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June 24, 2014
According to the United States Court of Appeals for the Eleventh Circuit, a private arbitration agreement trumps collective actions under the Fair Labor Standards Act (“FLSA”). The Court’s liberal interpretation of the principles underlying the Federal Arbitration Act has slowly eroded a variety of employment and consumer protection rights. In Walthour v. Chipio Windshield Repair, 745 F.3d 1326 (11th Cir. 2014), another one bites the dust.
In Walthour, plaintiff employees entered into an arbitration agreement with their defendant employer, in which the parties agreed to submit any employment disagreement to binding arbitration and to only pursue claims individually, not as class members. The agreement expressly stated that individual employees waived their right to participate in a collective action or other representative actions.
The plaintiffs in the case were manual laborers who worked as window repairers, making less than the statutorily required minimum wage. Two of the employees sued, claiming violations of the FLSA and taking advantage of the statute’s explicit encouragement of employees to join together in a “collective action” to pursue the minimum wage violations. The company responded by seeking to invoke the terms of the arbitration agreement and to dismiss the collective action. The district court, Judge Amy Totenberg, ordered arbitration and dismissed plaintiffs’ complaint. The employees appealed.
The employees argued that congressional intent embodied in the FLSA which confers a right to pursue claims collectively superseded the terms of the private arbitration agreement. The employees also relied upon the public policy underlying collective actions, including the reality that individual employees are unlikely to pursue claims because the economic value of such claims is relatively small. The Eleventh Circuit disagreed, finding that the federal policy of encouraging arbitration under the Federal Arbitration Act is not inconsistent with the right of employees to pursue cases collectively.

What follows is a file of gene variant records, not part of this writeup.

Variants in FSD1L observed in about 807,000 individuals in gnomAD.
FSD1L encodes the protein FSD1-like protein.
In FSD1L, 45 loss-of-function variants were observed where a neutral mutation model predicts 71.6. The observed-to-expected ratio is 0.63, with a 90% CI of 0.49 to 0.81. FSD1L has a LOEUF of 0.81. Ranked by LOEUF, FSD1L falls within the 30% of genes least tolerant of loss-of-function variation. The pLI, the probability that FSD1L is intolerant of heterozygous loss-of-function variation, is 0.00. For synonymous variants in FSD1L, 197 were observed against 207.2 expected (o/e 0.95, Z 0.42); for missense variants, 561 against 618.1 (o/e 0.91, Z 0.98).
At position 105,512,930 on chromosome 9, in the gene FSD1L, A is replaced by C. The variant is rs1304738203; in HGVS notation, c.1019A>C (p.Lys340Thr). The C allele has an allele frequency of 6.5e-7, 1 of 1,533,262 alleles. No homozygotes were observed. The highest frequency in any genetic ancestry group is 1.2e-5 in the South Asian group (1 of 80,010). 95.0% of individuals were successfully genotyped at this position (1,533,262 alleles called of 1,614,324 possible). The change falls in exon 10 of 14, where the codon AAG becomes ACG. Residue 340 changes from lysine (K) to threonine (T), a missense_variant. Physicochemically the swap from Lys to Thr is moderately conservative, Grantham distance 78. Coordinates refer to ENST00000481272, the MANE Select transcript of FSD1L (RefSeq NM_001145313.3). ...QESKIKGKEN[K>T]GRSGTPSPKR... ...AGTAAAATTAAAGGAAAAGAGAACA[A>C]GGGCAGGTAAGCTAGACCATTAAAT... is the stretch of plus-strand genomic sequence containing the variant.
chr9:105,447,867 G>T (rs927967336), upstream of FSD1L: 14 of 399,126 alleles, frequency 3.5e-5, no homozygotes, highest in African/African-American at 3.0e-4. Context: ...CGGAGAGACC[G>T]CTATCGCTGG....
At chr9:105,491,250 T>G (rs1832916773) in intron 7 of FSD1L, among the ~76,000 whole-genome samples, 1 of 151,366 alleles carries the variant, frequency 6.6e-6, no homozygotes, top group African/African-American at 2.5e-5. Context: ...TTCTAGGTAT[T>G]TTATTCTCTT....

Walthour most certainly represents a victory for companies who violate the FLSA. As the plaintiffs in that case argued, individual claims are difficult and expensive to bring against employers, who normally possess vastly more economic resources. Most attorneys representing employees would be reluctant to take on a wage and hour dispute if the claims are limited to a single plaintiff. In nearly every case brought under the FLSA, the time and fees incurred in bringing the case far exceed the value of the claim. This reality can backfire against overzealous employers, however. In the recent case of Cain v. Almeco USA, Inc., 2014 WL 2158413 (N.D.Ga., May 23, 2014), a single plaintiff claimed that she was denied overtime under the FLSA. The company refused to settle and submitted the case to a jury, and lost. While the actual overtime award was only $6,097, the Court awarded attorney’s fees in excess of $173,000.
The benefits of collective actions are manifold for both sides of a dispute. For the employer, there is finality; for the employee, there is “safety in numbers” to share the expense and the risk; for the judicial system, there is efficiency. Lead by local Chambers of Commerce and other “conservative” interests, some employers continue to pursue rigid enforcement of arbitration agreements in the hopes of cutting employees off at their knees. Depriving an employee of the ability to pursue a collective action will, in most cases, effectively prohibit a lawsuit. But, as the result in Cain and other cases demonstrate, the risks of taking a hard line can have unintended consequences.